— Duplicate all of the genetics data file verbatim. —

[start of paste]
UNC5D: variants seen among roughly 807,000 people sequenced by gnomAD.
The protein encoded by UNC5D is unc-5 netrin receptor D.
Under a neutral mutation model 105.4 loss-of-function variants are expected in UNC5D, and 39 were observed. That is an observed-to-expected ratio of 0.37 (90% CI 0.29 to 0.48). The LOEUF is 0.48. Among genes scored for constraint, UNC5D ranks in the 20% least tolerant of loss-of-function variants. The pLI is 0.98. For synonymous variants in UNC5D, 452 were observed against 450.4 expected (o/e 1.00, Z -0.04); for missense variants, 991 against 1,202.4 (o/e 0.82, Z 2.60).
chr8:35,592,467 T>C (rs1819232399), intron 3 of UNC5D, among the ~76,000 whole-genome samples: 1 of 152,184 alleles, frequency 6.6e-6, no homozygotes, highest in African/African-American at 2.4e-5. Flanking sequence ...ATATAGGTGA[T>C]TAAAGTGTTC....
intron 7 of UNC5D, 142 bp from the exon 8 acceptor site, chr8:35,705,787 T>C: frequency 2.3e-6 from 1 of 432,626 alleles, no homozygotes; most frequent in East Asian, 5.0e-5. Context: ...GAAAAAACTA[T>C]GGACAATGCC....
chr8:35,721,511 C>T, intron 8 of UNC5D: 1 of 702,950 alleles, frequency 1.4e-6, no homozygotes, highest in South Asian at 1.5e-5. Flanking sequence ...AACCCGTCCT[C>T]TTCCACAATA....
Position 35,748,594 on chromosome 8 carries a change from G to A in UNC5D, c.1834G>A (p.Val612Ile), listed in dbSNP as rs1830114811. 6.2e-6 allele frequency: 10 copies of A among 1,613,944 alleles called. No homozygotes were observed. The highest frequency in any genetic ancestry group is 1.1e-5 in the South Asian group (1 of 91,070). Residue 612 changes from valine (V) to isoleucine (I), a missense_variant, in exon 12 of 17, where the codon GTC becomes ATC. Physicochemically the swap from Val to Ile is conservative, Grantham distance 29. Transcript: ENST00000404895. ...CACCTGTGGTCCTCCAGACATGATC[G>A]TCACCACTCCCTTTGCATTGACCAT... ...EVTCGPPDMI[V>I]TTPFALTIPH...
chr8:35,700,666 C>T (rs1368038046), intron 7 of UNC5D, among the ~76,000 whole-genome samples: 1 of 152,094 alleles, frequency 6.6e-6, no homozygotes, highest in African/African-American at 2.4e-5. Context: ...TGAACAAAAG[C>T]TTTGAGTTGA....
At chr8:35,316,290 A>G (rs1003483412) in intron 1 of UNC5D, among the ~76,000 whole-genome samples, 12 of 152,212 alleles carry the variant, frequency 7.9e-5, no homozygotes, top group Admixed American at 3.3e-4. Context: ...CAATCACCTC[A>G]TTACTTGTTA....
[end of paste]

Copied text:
UNC5D: variants seen among roughly 807,000 people sequenced by gnomAD.
The protein encoded by UNC5D is unc-5 netrin receptor D.
Under a neutral mutation model 105.4 loss-of-function variants are expected in UNC5D, and 39 were observed. That is an observed-to-expected ratio of 0.37 (90% CI 0.29 to 0.48). The LOEUF is 0.48. Among genes scored for constraint, UNC5D ranks in the 20% least tolerant of loss-of-function variants. The pLI is 0.98. For synonymous variants in UNC5D, 452 were observed against 450.4 expected (o/e 1.00, Z -0.04); for missense variants, 991 against 1,202.4 (o/e 0.82, Z 2.60).
chr8:35,592,467 T>C (rs1819232399), intron 3 of UNC5D, among the ~76,000 whole-genome samples: 1 of 152,184 alleles, frequency 6.6e-6, no homozygotes, highest in African/African-American at 2.4e-5. Flanking sequence ...ATATAGGTGA[T>C]TAAAGTGTTC....
intron 7 of UNC5D, 142 bp from the exon 8 acceptor site, chr8:35,705,787 T>C: frequency 2.3e-6 from 1 of 432,626 alleles, no homozygotes; most frequent in East Asian, 5.0e-5. Context: ...GAAAAAACTA[T>C]GGACAATGCC....
chr8:35,721,511 C>T, intron 8 of UNC5D: 1 of 702,950 alleles, frequency 1.4e-6, no homozygotes, highest in South Asian at 1.5e-5. Flanking sequence ...AACCCGTCCT[C>T]TTCCACAATA....
Position 35,748,594 on chromosome 8 carries a change from G to A in UNC5D, c.1834G>A (p.Val612Ile), listed in dbSNP as rs1830114811. 6.2e-6 allele frequency: 10 copies of A among 1,613,944 alleles called. No homozygotes were observed. The highest frequency in any genetic ancestry group is 1.1e-5 in the South Asian group (1 of 91,070). Residue 612 changes from valine (V) to isoleucine (I), a missense_variant, in exon 12 of 17, where the codon GTC becomes ATC. Physicochemically the swap from Val to Ile is conservative, Grantham distance 29. Transcript: ENST00000404895. ...CACCTGTGGTCCTCCAGACATGATC[G>A]TCACCACTCCCTTTGCATTGACCAT... ...EVTCGPPDMI[V>I]TTPFALTIPH...
chr8:35,700,666 C>T (rs1368038046), intron 7 of UNC5D, among the ~76,000 whole-genome samples: 1 of 152,094 alleles, frequency 6.6e-6, no homozygotes, highest in African/African-American at 2.4e-5. Context: ...TGAACAAAAG[C>T]TTTGAGTTGA....
At chr8:35,316,290 A>G (rs1003483412) in intron 1 of UNC5D, among the ~76,000 whole-genome samples, 12 of 152,212 alleles carry the variant, frequency 7.9e-5, no homozygotes, top group Admixed American at 3.3e-4. Context: ...CAATCACCTC[A>G]TTACTTGTTA....